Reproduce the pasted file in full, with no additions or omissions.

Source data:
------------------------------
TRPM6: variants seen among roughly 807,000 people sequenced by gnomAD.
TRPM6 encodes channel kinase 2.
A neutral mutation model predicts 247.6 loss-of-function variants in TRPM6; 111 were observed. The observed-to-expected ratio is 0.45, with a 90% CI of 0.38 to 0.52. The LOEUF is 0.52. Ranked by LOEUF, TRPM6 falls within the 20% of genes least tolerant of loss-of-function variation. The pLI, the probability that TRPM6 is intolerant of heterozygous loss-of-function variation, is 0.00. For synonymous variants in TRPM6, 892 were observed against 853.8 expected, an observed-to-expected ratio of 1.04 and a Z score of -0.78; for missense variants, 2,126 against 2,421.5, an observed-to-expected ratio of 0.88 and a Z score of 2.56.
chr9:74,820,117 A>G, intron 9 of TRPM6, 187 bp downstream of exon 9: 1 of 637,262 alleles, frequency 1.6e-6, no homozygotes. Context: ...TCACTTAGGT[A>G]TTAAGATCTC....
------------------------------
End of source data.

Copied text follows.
TRPM6: variants seen among roughly 807,000 people sequenced by gnomAD.
TRPM6 encodes channel kinase 2.
A neutral mutation model predicts 247.6 loss-of-function variants in TRPM6; 111 were observed. The observed-to-expected ratio is 0.45, with a 90% CI of 0.38 to 0.52. The LOEUF is 0.52. Ranked by LOEUF, TRPM6 falls within the 20% of genes least tolerant of loss-of-function variation. The pLI, the probability that TRPM6 is intolerant of heterozygous loss-of-function variation, is 0.00. For synonymous variants in TRPM6, 892 were observed against 853.8 expected, an observed-to-expected ratio of 1.04 and a Z score of -0.78; for missense variants, 2,126 against 2,421.5, an observed-to-expected ratio of 0.88 and a Z score of 2.56.
chr9:74,820,117 A>G, intron 9 of TRPM6, 187 bp downstream of exon 9: 1 of 637,262 alleles, frequency 1.6e-6, no homozygotes. Context: ...TCACTTAGGT[A>G]TTAAGATCTC....